A Milbridge doctor has invented a cheaper alternative to an anti-allergy device.
Dr. Cathleen London says in her rural community, a quick dose of epinephrine can mean life or death for some.
21-years-ago, London left software engineering to go to medical school.
“Why leave that to go in debt, you know? There’s that drive,” she said.
After big city life, London came to Milbridge where she’s been in her office for a year.
It’s in a county a recent study shows has the highest rate of uninsured people in Maine.
And with EpiPen prices soaring, people with allergies are looking for an alternative to the astronomically-priced emergency auto-injector.
London has come up with one.
It’s reusable and is only $50 per patient, whereas the EpiPen is single use and usually several hundred dollars for patients.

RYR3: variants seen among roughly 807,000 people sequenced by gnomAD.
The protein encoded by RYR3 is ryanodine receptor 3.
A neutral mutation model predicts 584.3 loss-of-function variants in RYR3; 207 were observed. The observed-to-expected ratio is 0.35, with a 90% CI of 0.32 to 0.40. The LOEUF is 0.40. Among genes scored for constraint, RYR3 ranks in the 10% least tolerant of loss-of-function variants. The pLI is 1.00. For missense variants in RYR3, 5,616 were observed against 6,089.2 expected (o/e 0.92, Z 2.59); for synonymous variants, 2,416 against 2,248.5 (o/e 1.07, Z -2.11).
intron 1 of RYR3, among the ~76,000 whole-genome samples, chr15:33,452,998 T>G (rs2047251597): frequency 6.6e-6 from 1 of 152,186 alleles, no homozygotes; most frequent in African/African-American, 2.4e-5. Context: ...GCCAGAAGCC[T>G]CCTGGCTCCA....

“So the people who think they’re just gonna dial 911 because they’re not carrying an EpiPen? They’re not gonna make it,” London said.
It seems like a no-brainer. With each individual piece of the invention already FDA-approved, London says she sees it as a solution for doctor to patient, and not on a mass market scale.
London says there’s only a small risk to the EpiPen equivalent.
“Even if an infection happened, after they’re breathing again I’ll deal with a local infection,” she said.
The auto-injector is peace of mind for hundreds of people. And with refills at just $2.50, London says she can keep serving a forgotten Washington County.
Right now, London can only provide the auto-epinephrine pen to her patients.
Ten people have already bought them.